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Frontera norte

versión On-line ISSN 2594-0260versión impresa ISSN 0187-7372

Frontera norte vol.26 no.51 México ene./jun. 2014




Boundaries in Time and Space: Spanish "Minor Sovereign Territories"


Fronteras en el tiempo y el espacio: Las "plazas menores" de soberanía


Francisco José Calderón Vázquez


Universidad de Málaga


Fecha de recepción: 11 de diciembre de 2012.
Fecha de aceptación: 25 de abril de 2013.



This paper studies the evolution of the border functionality of the Moroccan-Spanish border, one of the most complicated, thought-provoking boundaries in today's world, being the only European frontier in Africa. Among the Spanish-Moroccan border areas, the focal point of this analysis are the Spanish "Minor Sovereign Territories", a set of small border islands that perfectly embody the fluctuations of history in the Mediterranean basin and their reflection in the life and functions of borderland territories and their peoples.

Keywords: borders, border functionality, North/South boundaries, mediterranean conflicts, moroccan-spanish border.



En el presente trabajo se estudia la evolución de la funcionalidad fronteriza de una de las fronteras más sugestivas y complicadas del mundo actual: la frontera hispano-marroquí, la única frontera europea en África. Dentro de los territorios fronterizos hispano-marroquíes, el foco de nuestro análisis se centra en las denominadas "plazas menores", un conjunto de pequeños territorios insulares fronterizos que encarnan con perfección los vaivenes de la historia en el Mediterráneo y su reflejo en la vida y funciones de los territorios fronterizos y de su gente.

Palabras clave: fronteras, funcionalidad fronteriza, fronteras Norte-Sur, conflictos mediterráneos, frontera hispano-marroquí.



Establishing borders as a line of isolation-separation-exclusion of "National Territory," and as such, as an expression of territoriality,1 has constituted (and continues to constitute) a central feature in the liturgy of the nation-state, since it implies: the delimitation of the territorial area, the sphere of political influence and the establishment of the sociological, anthropological and cultural realm of the community that "owns" this territory (Calderón, 2010). The border is therefore a substantive expression of "national sovereignty," creating an indissoluble link between "border," "nationality" and "nation-state" (Donnan and Wilson, 1999), without which it would be impossible to understand the last two hundred years of world history.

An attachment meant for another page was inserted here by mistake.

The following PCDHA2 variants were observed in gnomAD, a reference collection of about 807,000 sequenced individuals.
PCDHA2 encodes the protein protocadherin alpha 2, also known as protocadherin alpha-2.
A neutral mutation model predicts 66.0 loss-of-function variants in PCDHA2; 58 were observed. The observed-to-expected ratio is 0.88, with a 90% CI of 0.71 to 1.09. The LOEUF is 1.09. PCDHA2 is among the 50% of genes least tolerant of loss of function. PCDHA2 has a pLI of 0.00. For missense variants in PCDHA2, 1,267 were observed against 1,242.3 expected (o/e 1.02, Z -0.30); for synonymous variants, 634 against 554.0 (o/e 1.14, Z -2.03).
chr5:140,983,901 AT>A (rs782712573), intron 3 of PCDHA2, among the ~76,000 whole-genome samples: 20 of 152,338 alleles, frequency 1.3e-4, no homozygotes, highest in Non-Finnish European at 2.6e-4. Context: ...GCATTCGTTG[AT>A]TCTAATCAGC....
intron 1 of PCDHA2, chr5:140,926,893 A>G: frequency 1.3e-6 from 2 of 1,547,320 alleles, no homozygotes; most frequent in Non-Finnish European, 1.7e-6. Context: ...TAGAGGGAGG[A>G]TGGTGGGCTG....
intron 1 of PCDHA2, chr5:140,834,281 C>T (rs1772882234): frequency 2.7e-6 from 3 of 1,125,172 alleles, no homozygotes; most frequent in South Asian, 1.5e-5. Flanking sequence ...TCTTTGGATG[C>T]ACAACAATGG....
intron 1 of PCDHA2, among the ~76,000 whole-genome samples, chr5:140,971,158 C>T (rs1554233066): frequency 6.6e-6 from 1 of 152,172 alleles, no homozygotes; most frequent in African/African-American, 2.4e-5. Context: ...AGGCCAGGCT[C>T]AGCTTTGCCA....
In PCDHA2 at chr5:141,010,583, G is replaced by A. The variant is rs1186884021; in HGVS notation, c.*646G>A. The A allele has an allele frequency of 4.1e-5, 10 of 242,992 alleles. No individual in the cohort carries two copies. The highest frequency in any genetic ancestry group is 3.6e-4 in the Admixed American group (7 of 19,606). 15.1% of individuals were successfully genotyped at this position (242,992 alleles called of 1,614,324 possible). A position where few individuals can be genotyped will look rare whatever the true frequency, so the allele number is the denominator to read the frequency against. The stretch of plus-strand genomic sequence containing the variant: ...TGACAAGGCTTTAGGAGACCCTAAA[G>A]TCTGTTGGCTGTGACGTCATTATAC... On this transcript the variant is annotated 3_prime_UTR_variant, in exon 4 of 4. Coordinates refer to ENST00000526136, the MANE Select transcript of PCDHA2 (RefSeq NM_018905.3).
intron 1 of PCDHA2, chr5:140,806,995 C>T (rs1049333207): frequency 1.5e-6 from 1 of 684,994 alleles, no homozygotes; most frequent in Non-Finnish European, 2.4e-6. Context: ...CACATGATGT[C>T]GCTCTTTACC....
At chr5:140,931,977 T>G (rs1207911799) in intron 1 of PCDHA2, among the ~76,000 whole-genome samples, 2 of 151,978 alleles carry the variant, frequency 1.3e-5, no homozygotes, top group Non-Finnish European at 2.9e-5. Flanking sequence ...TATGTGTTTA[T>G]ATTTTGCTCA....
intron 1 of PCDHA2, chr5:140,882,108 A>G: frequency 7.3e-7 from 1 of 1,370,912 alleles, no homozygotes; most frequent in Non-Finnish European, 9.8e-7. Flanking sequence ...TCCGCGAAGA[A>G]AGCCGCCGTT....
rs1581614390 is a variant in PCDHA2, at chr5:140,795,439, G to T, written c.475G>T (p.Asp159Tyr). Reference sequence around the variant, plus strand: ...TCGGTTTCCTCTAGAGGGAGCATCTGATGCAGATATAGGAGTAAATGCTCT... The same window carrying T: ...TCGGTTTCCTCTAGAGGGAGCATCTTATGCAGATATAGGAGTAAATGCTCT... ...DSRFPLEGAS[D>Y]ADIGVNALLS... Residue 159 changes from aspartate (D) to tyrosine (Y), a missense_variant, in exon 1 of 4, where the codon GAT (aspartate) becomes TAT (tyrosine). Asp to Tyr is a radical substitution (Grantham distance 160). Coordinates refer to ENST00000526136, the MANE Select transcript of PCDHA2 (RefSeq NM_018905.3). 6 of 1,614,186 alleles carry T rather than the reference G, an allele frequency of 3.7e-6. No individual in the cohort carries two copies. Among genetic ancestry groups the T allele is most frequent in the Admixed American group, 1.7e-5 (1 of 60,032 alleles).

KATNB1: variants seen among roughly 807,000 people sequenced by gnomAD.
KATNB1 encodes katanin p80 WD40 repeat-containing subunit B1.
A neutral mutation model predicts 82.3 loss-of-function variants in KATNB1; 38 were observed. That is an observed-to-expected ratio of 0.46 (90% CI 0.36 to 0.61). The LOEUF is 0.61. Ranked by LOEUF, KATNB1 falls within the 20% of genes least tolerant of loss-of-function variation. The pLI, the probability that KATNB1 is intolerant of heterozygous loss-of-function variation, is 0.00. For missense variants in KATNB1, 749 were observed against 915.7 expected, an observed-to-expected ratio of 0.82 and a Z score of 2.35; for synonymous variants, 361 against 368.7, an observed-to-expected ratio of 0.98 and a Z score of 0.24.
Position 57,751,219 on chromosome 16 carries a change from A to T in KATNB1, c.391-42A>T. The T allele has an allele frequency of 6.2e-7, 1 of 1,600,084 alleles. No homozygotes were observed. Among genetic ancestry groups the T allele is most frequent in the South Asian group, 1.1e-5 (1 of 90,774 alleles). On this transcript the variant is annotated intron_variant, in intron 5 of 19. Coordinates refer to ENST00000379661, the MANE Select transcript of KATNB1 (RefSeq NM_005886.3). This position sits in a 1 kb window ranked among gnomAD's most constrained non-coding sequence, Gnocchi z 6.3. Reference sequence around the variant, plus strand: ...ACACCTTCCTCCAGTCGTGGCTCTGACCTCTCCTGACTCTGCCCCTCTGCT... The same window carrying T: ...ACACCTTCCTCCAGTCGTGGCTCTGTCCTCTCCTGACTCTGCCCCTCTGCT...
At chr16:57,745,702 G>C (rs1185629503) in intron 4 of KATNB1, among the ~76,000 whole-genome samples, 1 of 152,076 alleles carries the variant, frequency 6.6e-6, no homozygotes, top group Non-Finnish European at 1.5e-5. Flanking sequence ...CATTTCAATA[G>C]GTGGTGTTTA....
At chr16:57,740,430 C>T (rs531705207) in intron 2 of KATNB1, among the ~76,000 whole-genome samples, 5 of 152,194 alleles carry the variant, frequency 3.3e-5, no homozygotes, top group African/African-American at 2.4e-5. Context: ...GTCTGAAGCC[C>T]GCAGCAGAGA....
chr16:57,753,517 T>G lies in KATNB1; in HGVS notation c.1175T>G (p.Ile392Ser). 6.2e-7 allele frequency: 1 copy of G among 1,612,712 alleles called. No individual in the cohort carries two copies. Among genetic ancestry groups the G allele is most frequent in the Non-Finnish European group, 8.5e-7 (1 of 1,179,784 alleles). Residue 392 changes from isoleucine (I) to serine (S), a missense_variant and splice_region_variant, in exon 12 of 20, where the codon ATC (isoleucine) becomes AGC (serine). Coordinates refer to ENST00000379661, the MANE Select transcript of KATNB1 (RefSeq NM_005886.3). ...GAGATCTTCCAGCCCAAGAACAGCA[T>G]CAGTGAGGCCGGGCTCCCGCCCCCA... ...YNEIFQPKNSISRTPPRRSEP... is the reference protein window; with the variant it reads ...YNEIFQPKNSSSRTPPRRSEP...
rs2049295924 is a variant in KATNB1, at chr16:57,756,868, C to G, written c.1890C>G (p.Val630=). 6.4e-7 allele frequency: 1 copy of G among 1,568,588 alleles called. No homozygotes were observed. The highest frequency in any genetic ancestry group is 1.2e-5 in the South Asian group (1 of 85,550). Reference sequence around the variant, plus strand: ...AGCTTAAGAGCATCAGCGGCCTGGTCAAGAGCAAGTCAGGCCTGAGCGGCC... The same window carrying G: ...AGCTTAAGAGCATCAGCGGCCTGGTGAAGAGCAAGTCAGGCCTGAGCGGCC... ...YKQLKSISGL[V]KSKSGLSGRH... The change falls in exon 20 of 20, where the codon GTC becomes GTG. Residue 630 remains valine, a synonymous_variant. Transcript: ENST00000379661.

The evolution of the concept and functions of borders has been conditioned by the technological advances (particularly in military technology) of the second half of the 20th century, together with the progressive globalization of the world's economy, culture and society. If the emergence of global issues (climate change, pollution and environmental problems, population movements, security issues and international control) is added to the above, then the critical re-interpretation of the border fact observed in the past two decades is hardly surprising, since from a global perspective, borders, understood as separating walls or barriers, are indeed anachronistic (Ohmae, 1990).